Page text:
Failing Now.

failing.jpg

Our Macbook had been crashing frequently over the past week or so. It would hang randomly when doing minor things, like copying a new program into the Applications folder. Sometimes it would take the computer two or three minutes to get itself together. Other times, it wouldn’t get itself together at all and a hard reboot was the only option.

Eventually, I took a look in Disk Utility. The hard drive was listed in red. It told me the disk was dying. I used smartmon to give me more information, and this is where I got the image at the top of this post - my “Reallocated Sector Count” was at 0, and my disk was “FAILING_NOW”. I’ll spare you the gory details of what this meant, but the shorthand version is “ABANDON SHIP! WOMEN AND CHILDREN FIRST!”

Necessity: the mother of invention

Fortunately, we had a spare laptop hard drive lying around, so that wasn’t a major issue. We also had a spare 400GB desktop hard drive, with a USB adaptor. Unfortunately, we only had two power adaptors. Which meant I couldn’t power the macbook, the hard drive to be backed up and the hard drive I was backing up to.

We’d bought a bunch of spare power adaptors in the airport before we came but in our excitement, walked off the plane without them - oops.

So for the past month, we’ve been carefully swapping power adaptors around as needed. The hairdryer, the iron, our phones, the PlayStation, the computers, the wireless router… it got a little silly, but we managed. When I’d google for a place to buy electrical equipment in rome, I’d found that the main place is called “GPL”. And Linux has completely ruined that search term.

So when the hard drive began to die, I ran out and didn’t stop using my broken Italian and eleborate hand gestures until I came back with a bunch of power adaptors and two-prong figure-eight plugs.

(PS, for anyone searching google for ‘electrical equipment’ or ‘travel adaptors’ in Rome, I found a GPL on the corner of Viale delle Milizie and Via Giordano Bruno.)

Backing it all up

I’d heard a lot about SuperDuper, an application for backing up your Mac. A lot of people have said how it saved their necks, so that was the first thing I tried.

Unfortunately, it’s not so good for saving your neck when your hard drive is already on the way out. When it encounters a bad block on the disk (and your disk can’t replace the bad block, as mine couldn’t), SuperDuper will try a bunch of methods to access the data and then crap out. It throws its hands up in the air, shouts “I can’t work with these amateurs” and goes back to its trailer.

Tar wasn’t much better. In the end, I created a disk image on the 400GB hard drive and used plain ol' ‘cp’. When it came across a bad block, it complained of an I/O error but kept on truckin'.

So now I’ve got a proper backup, we’re working off the spare hard drive (with half the capacity, but it’ll do), and I got an RMA from the hard drive manufacturer.

Hopefully things will be back to normal next week.

Guitar Hero 2 and OS X

I think my previous post on Guitar Hero 2 gave some idea of how disappointed I was by this game. So why the hell did I go out and re-buy it for the Xbox 360?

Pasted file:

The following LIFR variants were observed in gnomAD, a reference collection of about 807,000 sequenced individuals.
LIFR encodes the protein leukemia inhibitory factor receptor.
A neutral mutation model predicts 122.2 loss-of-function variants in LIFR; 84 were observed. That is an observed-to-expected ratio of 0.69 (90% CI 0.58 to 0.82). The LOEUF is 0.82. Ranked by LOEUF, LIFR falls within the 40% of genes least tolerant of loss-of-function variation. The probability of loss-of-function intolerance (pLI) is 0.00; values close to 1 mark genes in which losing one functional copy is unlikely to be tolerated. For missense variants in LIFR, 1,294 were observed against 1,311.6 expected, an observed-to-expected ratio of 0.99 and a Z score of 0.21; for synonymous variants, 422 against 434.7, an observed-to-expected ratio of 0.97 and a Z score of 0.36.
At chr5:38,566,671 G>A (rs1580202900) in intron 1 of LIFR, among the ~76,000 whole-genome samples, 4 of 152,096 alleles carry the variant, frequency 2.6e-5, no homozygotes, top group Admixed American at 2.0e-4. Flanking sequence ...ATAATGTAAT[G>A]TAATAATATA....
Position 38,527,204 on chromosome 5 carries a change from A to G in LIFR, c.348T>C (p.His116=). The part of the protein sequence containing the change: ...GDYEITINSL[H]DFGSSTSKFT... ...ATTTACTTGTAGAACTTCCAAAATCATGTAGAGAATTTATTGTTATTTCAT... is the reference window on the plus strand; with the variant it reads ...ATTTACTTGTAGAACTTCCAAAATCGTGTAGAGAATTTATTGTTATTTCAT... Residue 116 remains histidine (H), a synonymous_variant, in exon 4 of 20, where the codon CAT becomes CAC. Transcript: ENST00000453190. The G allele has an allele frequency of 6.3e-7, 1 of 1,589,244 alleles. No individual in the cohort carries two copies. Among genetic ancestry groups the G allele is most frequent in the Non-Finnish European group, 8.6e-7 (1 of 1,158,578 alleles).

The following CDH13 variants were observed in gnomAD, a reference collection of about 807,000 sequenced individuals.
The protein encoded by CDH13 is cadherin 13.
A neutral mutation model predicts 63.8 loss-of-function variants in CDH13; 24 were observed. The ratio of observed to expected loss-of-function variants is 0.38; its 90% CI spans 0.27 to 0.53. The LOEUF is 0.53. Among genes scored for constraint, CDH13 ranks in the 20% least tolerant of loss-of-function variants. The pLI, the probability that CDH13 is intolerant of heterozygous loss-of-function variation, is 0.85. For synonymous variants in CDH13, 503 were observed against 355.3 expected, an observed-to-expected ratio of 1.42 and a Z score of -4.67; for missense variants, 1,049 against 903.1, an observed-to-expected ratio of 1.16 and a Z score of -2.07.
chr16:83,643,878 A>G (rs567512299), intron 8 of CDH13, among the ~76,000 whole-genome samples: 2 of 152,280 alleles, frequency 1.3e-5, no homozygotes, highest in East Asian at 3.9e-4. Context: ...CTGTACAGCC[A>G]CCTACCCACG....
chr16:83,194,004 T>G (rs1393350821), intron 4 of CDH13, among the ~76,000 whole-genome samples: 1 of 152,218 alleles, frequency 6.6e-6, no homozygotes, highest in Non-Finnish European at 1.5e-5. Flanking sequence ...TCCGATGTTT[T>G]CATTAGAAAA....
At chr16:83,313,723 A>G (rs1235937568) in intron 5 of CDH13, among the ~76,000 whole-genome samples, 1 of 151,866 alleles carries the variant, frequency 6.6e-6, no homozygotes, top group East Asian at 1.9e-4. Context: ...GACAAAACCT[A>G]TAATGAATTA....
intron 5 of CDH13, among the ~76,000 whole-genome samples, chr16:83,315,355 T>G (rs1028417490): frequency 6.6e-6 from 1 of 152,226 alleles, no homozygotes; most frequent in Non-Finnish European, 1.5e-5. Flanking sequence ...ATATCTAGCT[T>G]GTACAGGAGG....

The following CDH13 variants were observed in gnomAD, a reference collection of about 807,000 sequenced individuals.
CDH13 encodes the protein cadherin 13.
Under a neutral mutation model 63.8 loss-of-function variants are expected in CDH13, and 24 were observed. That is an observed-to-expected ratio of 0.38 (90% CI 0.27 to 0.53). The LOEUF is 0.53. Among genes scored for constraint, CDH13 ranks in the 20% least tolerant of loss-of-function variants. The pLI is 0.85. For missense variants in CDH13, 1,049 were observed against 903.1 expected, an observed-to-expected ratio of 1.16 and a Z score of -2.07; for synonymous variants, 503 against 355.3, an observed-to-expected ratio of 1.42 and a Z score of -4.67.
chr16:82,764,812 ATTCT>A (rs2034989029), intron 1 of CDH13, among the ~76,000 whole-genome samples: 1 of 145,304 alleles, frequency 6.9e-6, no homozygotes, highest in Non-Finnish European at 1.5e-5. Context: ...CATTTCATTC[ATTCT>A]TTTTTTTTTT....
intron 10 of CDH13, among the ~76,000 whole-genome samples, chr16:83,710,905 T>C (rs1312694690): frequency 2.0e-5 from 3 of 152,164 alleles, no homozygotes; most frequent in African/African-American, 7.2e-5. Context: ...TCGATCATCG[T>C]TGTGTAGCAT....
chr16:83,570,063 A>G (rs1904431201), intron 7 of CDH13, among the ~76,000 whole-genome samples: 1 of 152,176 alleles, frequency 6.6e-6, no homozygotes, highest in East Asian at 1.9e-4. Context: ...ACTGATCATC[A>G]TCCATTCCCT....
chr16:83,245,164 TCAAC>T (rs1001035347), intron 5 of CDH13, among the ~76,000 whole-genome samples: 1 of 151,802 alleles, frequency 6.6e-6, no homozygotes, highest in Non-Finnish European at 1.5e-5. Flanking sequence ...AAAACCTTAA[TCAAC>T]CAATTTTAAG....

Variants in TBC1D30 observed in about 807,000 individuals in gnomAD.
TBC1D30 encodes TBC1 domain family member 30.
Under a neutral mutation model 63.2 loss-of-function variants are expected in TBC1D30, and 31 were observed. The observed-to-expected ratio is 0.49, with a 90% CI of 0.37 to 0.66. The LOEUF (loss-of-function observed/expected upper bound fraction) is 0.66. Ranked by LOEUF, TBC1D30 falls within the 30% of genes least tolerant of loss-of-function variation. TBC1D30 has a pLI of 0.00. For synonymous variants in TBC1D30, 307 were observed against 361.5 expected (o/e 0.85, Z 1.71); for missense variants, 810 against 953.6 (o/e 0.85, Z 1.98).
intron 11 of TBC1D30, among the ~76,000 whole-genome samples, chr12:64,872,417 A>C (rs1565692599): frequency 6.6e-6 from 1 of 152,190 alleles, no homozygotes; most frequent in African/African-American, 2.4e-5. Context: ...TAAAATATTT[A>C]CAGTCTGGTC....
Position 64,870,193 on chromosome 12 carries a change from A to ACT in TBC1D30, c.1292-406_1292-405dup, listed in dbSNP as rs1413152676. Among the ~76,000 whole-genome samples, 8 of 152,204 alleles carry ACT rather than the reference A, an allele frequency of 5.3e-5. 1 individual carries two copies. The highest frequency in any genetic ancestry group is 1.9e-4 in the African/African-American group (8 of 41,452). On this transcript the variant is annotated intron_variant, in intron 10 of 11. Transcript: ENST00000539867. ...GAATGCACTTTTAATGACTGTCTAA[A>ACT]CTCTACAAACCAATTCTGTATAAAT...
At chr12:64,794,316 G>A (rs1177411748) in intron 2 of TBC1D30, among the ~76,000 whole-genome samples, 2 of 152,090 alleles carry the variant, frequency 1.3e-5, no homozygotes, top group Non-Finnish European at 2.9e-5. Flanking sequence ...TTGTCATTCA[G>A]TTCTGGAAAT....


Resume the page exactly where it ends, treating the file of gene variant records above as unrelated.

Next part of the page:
Well, apart from the high-definition graphics (very important in a game like this) and the way it’s an easy 500 achievement points, there’s one very big reason why I got it: the Guitar. It plays beautifully, it’s based on an Explorer and it’s USB.

Guitar Hero X-Plorer on OS X

Naturally, I plugged it into my Macbook before it even went near the 360. OS X recognised it, but the 360 controller drivers from Pref360 didn’t work. No worries, it was only a matter of time. Well, the new version of the Pref360 drivers adds support for the Guitar Hero controller.

So now I can play Frets on Fire on my Macbook, which is fantastic. But I really want to see if this can be used as an input controller for Max/MSP or Processing. Then the fun can really begin.

Minor update

I’m still waiting for Irish Broadband to contact me about an installation date, so I’ve had four days away from a computer. And so much has happened.

Apple to use Intel Microprocessors beginning in 2006 Christ. This had been rumoured for a couple of weeks now (and a couple of years before then), but still… wow. John Gruber suggests that Apple may not transition to x86 chips. But then again, he also discounted the possibility of Apple releasing the iPod Shuffle and last week attempted to debunk the rumours of Apple switching to Intel. But this is so completely huge that it’s easy to understand why he was a litle skeptical. Apple say they’re looking at completing the transition to the Intel chips by the end of 2007.

Nintendo Revolution’s classic Nintendo games will be free Nintendo, who have been keeping quiet in this round of “Our console will have hi-def” “Ours will massage your feet while you play!” have dropped a bombshell in the form of massive amount of backward-compatibility for free! They will be releasing almost every game they published for their previous consoles as a free download, available from the launch of their new console, the Revolution. This includes things like Ocarina of Time, GoldenEye, Perfect Dark, Zelda II and one of my favourite games, Uniracers (Unirally over here). Miyamoto (the creator of Mario and Zelda) has said that he’s tired of sprawling epic games and is appealing to developers to create something unique and fun (but not neccessarily huge or big-budget) for the Revolution. I guess this is Nintendo paying attention. Update: Full list of games available for download

My copy of Difficult Questions about Videogames was waiting for me when I arrived in work today. This should give me plenty to chew through for the next couple of days, at least until GTA:SA and God of War arrive and start soaking up all my free time. Update: A few pages in, and I’m convinced of something that I’d always suspected - Kieron Gillen needs to find himself an editor.

Ubuntu

Every couple of days, the hard drive of the G4 I use in work starts ‘clicking’. Well, more like ‘ke-CHUNK’ing. If I’m lucky, my computer freezes for a few minutes and comes back to life. If I’m not, I spend the next half hour or so rebooting until it goes away.

Finally, I’m facing up to the fact that my hard disk is dying and until I can get a replacement, I’m without a Mac to work on. So I’m giving Ubuntu a whirl.

One of the biggest complains thrown around about ‘free’ software is that it’s only free if your time is worthless. The hours wasted getting things configured just the way you like them do add up. It’s very easy to spend an entire day tweaking your desktop instead of just acccepting what you have and getting on with your job.